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Understanding Bioluminescence in Dinoflagellates—How Far Have We Come?

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Department of Evolutionary Ecology, Max Planck Institute for Evolutionary Biology, August-Thienemann-Strasse, Plӧn 24306, Germany
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Department of Ecology, Evolution and Marine Biology, University of California Santa Barbara, Santa Barbara, CA 93106, USA
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Author to whom correspondence should be addressed.
Microorganisms 2013, 1(1), 3-25; https://doi.org/10.3390/microorganisms1010003
Received: 3 May 2013 / Revised: 20 August 2013 / Accepted: 24 August 2013 / Published: 5 September 2013
(This article belongs to the Special Issue Biology of Dinoflagellates: Advances in the Last 25 Years (1987-2012))
Some dinoflagellates possess the remarkable genetic, biochemical, and cellular machinery to produce bioluminescence. Bioluminescent species appear to be ubiquitous in surface waters globally and include numerous cosmopolitan and harmful taxa. Nevertheless, bioluminescence remains an enigmatic topic in biology, particularly with regard to the organisms’ lifestyle. In this paper, we review the literature on the cellular mechanisms, molecular evolution, diversity, and ecology of bioluminescence in dinoflagellates, highlighting significant discoveries of the last quarter of a century. We identify significant gaps in our knowledge and conflicting information and propose some important research questions that need to be addressed to advance this research field. View Full-Text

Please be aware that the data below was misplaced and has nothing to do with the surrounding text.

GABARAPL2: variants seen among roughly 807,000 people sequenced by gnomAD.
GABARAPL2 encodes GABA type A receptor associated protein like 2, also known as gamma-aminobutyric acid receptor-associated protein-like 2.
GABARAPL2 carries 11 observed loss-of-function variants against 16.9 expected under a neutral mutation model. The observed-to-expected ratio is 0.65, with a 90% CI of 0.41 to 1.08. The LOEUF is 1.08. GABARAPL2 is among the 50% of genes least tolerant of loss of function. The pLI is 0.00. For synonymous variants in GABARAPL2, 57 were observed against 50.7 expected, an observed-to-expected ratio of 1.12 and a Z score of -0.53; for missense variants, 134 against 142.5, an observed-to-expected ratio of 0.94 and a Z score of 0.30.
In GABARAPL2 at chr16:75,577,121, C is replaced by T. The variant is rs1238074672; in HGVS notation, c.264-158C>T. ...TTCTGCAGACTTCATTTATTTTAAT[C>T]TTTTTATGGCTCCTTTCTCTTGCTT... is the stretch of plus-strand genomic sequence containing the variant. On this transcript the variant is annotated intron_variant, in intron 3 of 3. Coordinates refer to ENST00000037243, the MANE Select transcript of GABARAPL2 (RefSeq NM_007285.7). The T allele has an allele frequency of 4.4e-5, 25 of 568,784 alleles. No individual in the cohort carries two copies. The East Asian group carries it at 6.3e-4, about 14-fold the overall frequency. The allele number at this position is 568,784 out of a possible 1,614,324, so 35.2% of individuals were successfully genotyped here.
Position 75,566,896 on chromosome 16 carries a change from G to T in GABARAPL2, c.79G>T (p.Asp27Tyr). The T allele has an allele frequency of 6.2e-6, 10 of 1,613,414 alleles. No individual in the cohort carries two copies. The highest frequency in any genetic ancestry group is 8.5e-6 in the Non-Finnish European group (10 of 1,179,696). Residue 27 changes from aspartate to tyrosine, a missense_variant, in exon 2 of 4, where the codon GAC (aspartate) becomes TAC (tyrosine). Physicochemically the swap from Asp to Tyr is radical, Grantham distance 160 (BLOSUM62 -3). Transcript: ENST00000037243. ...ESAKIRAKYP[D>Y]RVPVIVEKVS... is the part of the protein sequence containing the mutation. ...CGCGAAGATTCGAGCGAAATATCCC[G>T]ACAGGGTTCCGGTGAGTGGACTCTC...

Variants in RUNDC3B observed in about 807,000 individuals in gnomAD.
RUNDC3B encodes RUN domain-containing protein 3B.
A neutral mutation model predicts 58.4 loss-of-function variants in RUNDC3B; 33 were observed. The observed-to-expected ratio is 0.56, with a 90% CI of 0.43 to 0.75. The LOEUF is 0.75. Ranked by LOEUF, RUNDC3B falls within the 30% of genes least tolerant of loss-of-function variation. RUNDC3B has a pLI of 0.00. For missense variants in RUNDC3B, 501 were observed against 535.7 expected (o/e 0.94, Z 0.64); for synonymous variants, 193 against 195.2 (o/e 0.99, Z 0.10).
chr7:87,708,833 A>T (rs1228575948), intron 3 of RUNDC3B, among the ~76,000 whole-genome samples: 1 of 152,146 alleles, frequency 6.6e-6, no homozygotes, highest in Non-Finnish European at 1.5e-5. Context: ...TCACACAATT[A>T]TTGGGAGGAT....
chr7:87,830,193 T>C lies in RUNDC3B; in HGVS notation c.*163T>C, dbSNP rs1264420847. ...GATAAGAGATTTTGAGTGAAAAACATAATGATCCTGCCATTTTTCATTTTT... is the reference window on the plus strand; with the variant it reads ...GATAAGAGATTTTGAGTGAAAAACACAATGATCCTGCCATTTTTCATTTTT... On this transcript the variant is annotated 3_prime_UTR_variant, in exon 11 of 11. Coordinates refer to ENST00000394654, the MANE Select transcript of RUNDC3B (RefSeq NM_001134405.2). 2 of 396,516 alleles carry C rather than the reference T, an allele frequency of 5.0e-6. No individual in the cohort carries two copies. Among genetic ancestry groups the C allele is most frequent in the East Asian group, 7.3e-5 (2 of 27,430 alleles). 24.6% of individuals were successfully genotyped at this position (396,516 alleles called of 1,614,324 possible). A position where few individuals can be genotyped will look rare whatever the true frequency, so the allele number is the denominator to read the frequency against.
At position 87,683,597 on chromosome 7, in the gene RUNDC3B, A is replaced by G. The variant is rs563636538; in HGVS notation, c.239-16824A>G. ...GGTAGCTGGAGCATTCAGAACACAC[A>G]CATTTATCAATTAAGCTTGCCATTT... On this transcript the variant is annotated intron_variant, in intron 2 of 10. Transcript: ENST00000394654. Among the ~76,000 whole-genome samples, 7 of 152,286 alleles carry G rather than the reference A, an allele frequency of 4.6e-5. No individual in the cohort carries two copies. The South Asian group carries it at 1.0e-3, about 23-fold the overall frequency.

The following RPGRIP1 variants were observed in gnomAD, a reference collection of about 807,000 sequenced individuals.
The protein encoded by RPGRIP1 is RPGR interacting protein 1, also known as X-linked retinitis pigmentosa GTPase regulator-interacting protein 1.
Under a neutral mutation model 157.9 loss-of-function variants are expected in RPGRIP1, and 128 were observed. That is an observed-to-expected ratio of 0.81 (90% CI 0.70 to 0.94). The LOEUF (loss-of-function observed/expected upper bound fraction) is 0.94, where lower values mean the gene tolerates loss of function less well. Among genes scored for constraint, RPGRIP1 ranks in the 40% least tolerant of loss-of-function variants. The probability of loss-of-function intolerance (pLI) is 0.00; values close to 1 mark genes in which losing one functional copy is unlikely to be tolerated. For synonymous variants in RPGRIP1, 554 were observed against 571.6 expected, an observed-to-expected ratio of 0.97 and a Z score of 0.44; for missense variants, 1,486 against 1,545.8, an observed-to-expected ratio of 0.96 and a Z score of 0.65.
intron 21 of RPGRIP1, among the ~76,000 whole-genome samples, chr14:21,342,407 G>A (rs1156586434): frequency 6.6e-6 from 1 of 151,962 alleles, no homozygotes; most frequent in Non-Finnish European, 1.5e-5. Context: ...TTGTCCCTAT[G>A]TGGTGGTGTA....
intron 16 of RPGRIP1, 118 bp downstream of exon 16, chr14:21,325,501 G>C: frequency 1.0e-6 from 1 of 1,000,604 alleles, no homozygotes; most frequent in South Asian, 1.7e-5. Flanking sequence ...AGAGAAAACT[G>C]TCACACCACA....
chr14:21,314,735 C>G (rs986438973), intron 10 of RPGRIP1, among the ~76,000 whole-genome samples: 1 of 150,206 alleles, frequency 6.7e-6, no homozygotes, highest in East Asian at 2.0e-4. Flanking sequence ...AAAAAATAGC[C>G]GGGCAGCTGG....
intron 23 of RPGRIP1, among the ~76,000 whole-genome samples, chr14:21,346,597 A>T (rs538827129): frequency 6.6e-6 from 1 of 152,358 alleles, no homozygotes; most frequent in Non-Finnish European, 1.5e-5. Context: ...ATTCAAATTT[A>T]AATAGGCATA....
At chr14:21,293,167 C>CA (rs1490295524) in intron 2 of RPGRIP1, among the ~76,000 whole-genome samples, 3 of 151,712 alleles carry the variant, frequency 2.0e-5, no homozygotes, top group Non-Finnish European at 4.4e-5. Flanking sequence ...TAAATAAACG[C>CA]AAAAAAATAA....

Keywords: diel rhythms; functional diversity; luciferase; luciferin binding protein; gene; evolution; ecology; scintillon; predation defense diel rhythms; functional diversity; luciferase; luciferin binding protein; gene; evolution; ecology; scintillon; predation defense
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Valiadi, M.; Iglesias-Rodriguez, D. Understanding Bioluminescence in Dinoflagellates—How Far Have We Come? Microorganisms 2013, 1, 3-25.

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